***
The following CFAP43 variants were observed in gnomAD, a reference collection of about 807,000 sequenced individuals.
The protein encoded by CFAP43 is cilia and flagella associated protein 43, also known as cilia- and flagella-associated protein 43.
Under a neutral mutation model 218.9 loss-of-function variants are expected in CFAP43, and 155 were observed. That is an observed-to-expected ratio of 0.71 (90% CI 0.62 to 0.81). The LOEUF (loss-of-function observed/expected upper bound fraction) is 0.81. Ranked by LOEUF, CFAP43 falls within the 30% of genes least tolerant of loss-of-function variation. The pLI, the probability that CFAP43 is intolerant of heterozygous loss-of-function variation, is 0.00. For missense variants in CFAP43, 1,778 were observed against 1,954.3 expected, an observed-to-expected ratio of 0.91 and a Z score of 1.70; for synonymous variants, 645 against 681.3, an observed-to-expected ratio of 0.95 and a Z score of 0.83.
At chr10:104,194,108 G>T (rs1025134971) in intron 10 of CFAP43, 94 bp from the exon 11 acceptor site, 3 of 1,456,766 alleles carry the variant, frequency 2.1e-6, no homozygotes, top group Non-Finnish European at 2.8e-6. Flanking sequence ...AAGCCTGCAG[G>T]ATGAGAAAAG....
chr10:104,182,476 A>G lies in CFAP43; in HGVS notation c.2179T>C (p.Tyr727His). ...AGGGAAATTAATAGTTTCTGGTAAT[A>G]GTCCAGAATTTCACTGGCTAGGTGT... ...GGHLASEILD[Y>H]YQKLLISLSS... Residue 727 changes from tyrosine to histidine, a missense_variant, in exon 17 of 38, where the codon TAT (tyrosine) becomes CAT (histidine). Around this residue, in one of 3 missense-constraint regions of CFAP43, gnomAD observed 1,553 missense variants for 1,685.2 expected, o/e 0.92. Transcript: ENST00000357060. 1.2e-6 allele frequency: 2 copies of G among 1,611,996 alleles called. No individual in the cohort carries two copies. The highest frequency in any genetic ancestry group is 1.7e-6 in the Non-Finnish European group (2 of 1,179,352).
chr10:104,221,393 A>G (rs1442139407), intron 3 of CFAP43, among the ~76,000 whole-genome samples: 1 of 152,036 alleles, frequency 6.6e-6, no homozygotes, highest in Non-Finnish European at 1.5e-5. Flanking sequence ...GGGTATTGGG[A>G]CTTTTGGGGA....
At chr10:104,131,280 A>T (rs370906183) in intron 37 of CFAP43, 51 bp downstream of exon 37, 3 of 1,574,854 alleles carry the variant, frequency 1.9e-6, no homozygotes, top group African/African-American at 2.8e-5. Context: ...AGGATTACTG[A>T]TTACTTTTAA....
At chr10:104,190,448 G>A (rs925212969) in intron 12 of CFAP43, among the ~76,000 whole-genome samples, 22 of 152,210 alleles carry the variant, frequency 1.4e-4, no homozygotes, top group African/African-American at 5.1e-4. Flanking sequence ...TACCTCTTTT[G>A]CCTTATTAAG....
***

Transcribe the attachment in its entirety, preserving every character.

The following CFAP43 variants were observed in gnomAD, a reference collection of about 807,000 sequenced individuals.
The protein encoded by CFAP43 is cilia and flagella associated protein 43, also known as cilia- and flagella-associated protein 43.
Under a neutral mutation model 218.9 loss-of-function variants are expected in CFAP43, and 155 were observed. That is an observed-to-expected ratio of 0.71 (90% CI 0.62 to 0.81). The LOEUF (loss-of-function observed/expected upper bound fraction) is 0.81. Ranked by LOEUF, CFAP43 falls within the 30% of genes least tolerant of loss-of-function variation. The pLI, the probability that CFAP43 is intolerant of heterozygous loss-of-function variation, is 0.00. For missense variants in CFAP43, 1,778 were observed against 1,954.3 expected, an observed-to-expected ratio of 0.91 and a Z score of 1.70; for synonymous variants, 645 against 681.3, an observed-to-expected ratio of 0.95 and a Z score of 0.83.
At chr10:104,194,108 G>T (rs1025134971) in intron 10 of CFAP43, 94 bp from the exon 11 acceptor site, 3 of 1,456,766 alleles carry the variant, frequency 2.1e-6, no homozygotes, top group Non-Finnish European at 2.8e-6. Flanking sequence ...AAGCCTGCAG[G>T]ATGAGAAAAG....
chr10:104,182,476 A>G lies in CFAP43; in HGVS notation c.2179T>C (p.Tyr727His). ...AGGGAAATTAATAGTTTCTGGTAAT[A>G]GTCCAGAATTTCACTGGCTAGGTGT... ...GGHLASEILD[Y>H]YQKLLISLSS... Residue 727 changes from tyrosine to histidine, a missense_variant, in exon 17 of 38, where the codon TAT (tyrosine) becomes CAT (histidine). Around this residue, in one of 3 missense-constraint regions of CFAP43, gnomAD observed 1,553 missense variants for 1,685.2 expected, o/e 0.92. Transcript: ENST00000357060. 1.2e-6 allele frequency: 2 copies of G among 1,611,996 alleles called. No individual in the cohort carries two copies. The highest frequency in any genetic ancestry group is 1.7e-6 in the Non-Finnish European group (2 of 1,179,352).
chr10:104,221,393 A>G (rs1442139407), intron 3 of CFAP43, among the ~76,000 whole-genome samples: 1 of 152,036 alleles, frequency 6.6e-6, no homozygotes, highest in Non-Finnish European at 1.5e-5. Flanking sequence ...GGGTATTGGG[A>G]CTTTTGGGGA....
At chr10:104,131,280 A>T (rs370906183) in intron 37 of CFAP43, 51 bp downstream of exon 37, 3 of 1,574,854 alleles carry the variant, frequency 1.9e-6, no homozygotes, top group African/African-American at 2.8e-5. Context: ...AGGATTACTG[A>T]TTACTTTTAA....
At chr10:104,190,448 G>A (rs925212969) in intron 12 of CFAP43, among the ~76,000 whole-genome samples, 22 of 152,210 alleles carry the variant, frequency 1.4e-4, no homozygotes, top group African/African-American at 5.1e-4. Flanking sequence ...TACCTCTTTT[G>A]CCTTATTAAG....